Jasper Green, Elizabeth’s father at the Red Rose Inn (1904). Elizabeth Shippen Boude, Elizabeth’s mother (1903)

Elizabeth’s father imbued in his daughter a love of art as he was an amateur artist who had studied art at the Pennsylvania Academy of the Fine Arts and during the American Civil War, worked as an illustrator/correspondent for the Harper’s Weekly, an American political magazine based in New York City.   It was said that during her early schooldays Elizabeth took pleasure in illustrating her school notebooks. 

Portrait of the Artist’s Father, Jasper Green by Elizabeth Shippen Green (c.1900)

Elizabeth Shippen Green, self portrait

In October 1889, a month after that first publication of her work she enrolled at the Pennsylvania Academy of the Fine Arts.  She spent one year in the antique class, where she had to draw from plaster casts, and two years in the life class, working with live models.  During that period her teachers included Thomas Anshutz, Thomas Eakins, and Robert Vonnoh.  Elizabeth graduated from the Academy in 1893 and it was in that year that the Green family suffered a devastating loss.  Elizabeth’s sister, Katherine died on September 1st 1893, aged twenty-three.  This tragic death would haunt Elizabeth every year as it coincided with her birthday.  Elizabeth had now suffered the tragic loss of both of her sisters and one can only imagine the devastation felt by her parents.

Paper Doll Book #2 watercolour and charcoal by Elizabeth Shippen Green (1906)

Once her schooling was completed, eighteen-year-old Elizabeth enrolled at the Pennsylvania Academy of Fine Arts in 1888.  For Elizabeth the Fine Arts path was not for her as she was interested in her father’s branch of art, that of illustration and, in her father, she had the best illustrations tutor possible.  By the time she was seventeen years-old she had turned a corner of her bedroom into her studio and produced a series of drawings which she managed to sell to the Philadelphia Times and the first of these were printed by the newspaper on her eighteenth birthday.  The drawings accompanied a short but charming rhyme about a child and her doll, entitled, Naughty Lady Jane.   Although this was the only work of prose which she had published, the Philadelphia Times editors recognised her immense talent as an illustrator and in the September 8th 1889 edition of the Philadelphia Times the editor inserted this extended by-line:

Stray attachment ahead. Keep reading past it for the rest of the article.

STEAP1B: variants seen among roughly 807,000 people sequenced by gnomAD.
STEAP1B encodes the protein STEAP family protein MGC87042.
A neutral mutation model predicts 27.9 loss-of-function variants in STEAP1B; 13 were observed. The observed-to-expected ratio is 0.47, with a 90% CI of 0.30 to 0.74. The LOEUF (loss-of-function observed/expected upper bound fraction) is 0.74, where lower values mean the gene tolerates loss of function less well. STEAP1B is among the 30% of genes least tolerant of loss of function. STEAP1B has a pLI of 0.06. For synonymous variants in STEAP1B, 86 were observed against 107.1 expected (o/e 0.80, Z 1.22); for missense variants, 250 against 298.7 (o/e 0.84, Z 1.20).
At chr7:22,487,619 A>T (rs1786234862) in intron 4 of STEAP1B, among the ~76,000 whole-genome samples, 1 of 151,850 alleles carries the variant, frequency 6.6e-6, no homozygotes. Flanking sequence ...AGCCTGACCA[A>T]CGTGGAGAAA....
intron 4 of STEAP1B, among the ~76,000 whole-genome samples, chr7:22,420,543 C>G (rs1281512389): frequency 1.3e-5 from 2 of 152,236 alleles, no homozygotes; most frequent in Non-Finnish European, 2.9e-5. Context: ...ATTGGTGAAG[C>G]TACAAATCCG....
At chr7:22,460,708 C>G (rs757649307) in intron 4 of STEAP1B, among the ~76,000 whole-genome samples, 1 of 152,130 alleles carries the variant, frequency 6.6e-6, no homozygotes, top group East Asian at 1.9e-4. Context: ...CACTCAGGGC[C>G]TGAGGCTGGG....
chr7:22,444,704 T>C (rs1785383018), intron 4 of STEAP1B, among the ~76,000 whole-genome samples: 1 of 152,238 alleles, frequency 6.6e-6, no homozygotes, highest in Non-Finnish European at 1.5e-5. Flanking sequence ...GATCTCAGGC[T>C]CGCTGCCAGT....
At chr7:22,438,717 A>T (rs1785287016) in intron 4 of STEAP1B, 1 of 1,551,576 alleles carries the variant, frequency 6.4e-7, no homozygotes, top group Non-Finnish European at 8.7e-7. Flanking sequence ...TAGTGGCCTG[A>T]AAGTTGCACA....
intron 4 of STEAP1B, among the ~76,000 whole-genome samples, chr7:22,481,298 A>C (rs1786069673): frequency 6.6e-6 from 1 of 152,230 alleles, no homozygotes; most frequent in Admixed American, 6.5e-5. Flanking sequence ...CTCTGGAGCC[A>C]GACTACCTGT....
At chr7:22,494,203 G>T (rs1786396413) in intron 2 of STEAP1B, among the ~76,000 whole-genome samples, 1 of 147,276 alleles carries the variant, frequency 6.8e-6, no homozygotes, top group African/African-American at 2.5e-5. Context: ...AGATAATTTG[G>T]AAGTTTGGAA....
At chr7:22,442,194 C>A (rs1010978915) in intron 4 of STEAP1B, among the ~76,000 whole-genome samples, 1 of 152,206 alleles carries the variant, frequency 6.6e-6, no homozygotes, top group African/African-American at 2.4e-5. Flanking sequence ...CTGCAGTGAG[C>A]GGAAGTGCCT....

“…You will see in another column today some very pretty verses called Naughty Lady Jane accompanied by six exquisite illustrations.  They are the work of Miss Bessie S. Green of Philadelphia who is only eighteen years old.  The lines are unpretending, of course, yet admirably suited to their purpose; but the illustrations show wonderful talent.  Indeed, they would do credit to an artist much older and more experienced than Miss Green…”

Elizabeth (“Bessie”) must have been delighted to have her work published although the payment of 5o cents for a one-column drawing was hardly going to give her financial independence.

Philadelphia Public Ledger

Elizabeth continued working hard and would regularly submit her illustrations to the Philadelphia Public Ledger, a daily Philadelphia newspaper which was, at the time, owned by George William Childs and Anthony J. Drexel.  Elizabeth received many assignments for fashion illustrations from the newspaper.  In 1897, Elizabeth Shippen Green enrolled at the Drexel Institute which had been founded by Anthony J Drexel, a Philadelphia financier and philanthropist in 1891.   He envisioned an institution of higher learning uniquely suited to the needs of a rapidly growing industrial society and of the young men and women seeking their place in it.

Enter Howard Pyle the leading American illustrator of the time and the two other Red Rose Girls…………………………

………………………………to be continued.

 


The information I used for my five blogs about the Red Rose Girls was mostly collected from the excellent book entitled The Red Rose Girls.  An Uncommon Story of Art and Love by Alice A. Carter.  I can highly recommend this biography.  You will not be disappointed.

Author: jonathan5485

Just someone who is interested and loves art. I am neither an artist nor art historian but I am fascinated with the interpretaion and symbolism used in paintings and love to read about the life of the artists and their subjects.

2 thoughts on “The Red Rose Girls. Part 1. Elizabeth Shippen Green.”